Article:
General Relativity is a subject where one aims to understand the geometric structure of spacetime, defined by a partial differential equation, called the Einstein equation. In this course, we aim to introduce some bacis topics related to the Einstein equation from the viewpoint of differential geometry. Given that it has been one hundred years since the discovery of the Einstein equation, and that the subject has grown immense since, we try to keep the background knowledge minimal, and the approach concise.
One should master various methods to formulate the geometric structures of 4 dimensional spacetimes satisfying the Einstein equation, utilizing the languages of differential geometry as well as partial differential equations. Especially through investigating the geometric characteristics of the static and startionary solutions to the Einstein, equation, each student should grasp the importance of the Cauchy problem underlying the solution to the Einstein equation. With time permitting, one aims to understand the Hamiltonian formulation of the Einstein equation and its subsequent consequences fomulated by Penrose.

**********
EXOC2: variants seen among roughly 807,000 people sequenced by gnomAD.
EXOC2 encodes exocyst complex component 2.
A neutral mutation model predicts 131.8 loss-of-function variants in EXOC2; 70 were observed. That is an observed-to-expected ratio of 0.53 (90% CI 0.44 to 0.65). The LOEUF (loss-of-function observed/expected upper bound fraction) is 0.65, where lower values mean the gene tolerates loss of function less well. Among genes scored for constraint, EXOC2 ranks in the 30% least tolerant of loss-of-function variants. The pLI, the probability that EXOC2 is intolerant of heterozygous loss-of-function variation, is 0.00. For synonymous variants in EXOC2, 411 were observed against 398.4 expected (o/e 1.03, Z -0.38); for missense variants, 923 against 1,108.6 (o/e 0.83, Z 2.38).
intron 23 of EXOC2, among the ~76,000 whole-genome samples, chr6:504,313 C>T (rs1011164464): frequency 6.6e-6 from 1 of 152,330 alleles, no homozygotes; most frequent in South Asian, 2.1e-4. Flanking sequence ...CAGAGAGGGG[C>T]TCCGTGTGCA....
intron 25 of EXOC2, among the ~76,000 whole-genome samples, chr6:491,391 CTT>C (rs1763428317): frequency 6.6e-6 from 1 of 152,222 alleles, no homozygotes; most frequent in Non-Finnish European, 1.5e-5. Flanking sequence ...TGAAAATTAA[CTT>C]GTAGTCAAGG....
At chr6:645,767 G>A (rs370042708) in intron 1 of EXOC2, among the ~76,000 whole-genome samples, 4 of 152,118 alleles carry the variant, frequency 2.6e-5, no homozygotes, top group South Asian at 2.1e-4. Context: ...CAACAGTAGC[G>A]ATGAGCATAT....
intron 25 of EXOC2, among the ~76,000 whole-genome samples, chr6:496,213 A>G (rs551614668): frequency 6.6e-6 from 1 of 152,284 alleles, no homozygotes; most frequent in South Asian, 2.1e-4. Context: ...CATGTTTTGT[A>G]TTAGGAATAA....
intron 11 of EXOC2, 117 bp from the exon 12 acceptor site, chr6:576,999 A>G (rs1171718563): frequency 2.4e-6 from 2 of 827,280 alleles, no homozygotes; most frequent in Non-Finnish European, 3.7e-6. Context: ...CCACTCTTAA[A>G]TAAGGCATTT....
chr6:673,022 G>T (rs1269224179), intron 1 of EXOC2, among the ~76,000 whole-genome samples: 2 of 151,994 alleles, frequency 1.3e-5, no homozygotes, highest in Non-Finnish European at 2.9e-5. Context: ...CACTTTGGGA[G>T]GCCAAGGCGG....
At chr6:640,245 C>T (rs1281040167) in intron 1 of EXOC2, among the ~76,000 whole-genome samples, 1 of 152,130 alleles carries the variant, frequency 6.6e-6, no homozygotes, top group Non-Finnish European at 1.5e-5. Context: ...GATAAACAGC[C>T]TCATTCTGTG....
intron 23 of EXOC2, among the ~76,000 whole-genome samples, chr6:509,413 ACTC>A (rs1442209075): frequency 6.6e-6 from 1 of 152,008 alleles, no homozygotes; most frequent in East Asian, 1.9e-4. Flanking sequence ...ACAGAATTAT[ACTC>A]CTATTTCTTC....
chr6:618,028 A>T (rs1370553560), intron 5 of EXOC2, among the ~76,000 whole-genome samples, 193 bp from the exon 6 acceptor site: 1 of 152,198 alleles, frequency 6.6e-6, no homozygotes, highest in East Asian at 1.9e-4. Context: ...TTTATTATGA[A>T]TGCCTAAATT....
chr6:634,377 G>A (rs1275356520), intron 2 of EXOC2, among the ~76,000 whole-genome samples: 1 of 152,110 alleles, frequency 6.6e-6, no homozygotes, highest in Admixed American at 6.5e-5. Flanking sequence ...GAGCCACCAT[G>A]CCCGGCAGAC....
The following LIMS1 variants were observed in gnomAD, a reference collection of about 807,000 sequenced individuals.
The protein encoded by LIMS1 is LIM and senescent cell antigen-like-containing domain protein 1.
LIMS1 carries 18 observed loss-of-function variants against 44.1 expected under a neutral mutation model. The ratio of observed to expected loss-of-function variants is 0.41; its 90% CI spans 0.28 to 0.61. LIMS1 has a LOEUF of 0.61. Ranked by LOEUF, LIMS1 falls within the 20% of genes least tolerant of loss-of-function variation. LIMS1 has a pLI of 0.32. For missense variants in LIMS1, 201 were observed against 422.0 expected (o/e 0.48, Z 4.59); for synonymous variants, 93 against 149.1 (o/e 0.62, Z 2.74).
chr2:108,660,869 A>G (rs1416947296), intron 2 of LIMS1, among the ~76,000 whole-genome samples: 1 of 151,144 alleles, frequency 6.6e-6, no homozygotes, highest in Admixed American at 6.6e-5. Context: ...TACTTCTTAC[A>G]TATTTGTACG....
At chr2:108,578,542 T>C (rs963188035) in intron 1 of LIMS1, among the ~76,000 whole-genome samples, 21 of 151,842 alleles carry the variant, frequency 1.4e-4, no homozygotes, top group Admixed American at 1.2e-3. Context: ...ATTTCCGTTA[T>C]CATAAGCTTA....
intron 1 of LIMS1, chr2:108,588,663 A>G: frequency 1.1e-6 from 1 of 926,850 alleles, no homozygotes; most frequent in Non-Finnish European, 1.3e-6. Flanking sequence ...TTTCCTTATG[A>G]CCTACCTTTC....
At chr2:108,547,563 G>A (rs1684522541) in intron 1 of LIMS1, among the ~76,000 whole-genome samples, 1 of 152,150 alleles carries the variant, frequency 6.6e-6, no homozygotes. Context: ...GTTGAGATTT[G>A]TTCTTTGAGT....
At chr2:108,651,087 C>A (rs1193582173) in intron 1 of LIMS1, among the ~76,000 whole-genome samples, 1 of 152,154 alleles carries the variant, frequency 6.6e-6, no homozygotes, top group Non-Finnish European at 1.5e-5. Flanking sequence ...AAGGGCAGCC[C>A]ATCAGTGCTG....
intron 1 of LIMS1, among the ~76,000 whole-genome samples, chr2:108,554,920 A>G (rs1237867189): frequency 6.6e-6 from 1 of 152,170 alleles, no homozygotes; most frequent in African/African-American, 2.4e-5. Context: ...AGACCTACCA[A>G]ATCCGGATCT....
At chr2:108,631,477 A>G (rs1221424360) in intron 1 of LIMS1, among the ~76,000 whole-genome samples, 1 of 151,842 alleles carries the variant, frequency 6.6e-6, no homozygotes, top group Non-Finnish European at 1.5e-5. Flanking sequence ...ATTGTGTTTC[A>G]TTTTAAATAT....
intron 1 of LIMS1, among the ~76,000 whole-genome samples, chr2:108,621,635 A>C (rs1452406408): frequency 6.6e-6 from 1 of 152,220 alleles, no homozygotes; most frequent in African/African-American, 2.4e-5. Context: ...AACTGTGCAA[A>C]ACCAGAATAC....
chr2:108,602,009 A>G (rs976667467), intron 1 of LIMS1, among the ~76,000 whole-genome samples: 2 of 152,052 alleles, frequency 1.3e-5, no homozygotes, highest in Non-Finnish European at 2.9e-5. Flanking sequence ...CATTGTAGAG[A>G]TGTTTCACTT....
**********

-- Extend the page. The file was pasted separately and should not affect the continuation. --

Einstein equation, calculus of variations, Lorentzian geometry, Cauchy problem, Hamiltonian system
|Intercultural skills||Communication skills||Specialist skills||Critical thinking skills||Practical and/or problem-solving skills|
This is a standard lecture course. There will be some assignments.
|Course schedule||Required learning|
|Class 1||Minkowski spacetime and Maxwell equation Maxwell Equation as a Cauchy problem Levi-Civita connection and geodesics Derivation of the Einstein eqaution Post-Newtonian approximation Einstein equation as a Cauchy problem Geometry of Schwarzschild spacetime Positive mass theorem and Penrose inequality||Exercises will be presented during the lectures, and the collection of the exercises should constitute a report.|
Noel Hicks, Notes on Differential Geometry Robert Wald, Introduction to General Relativity P.Dirac, General Relativity 佐々木節,一般相対論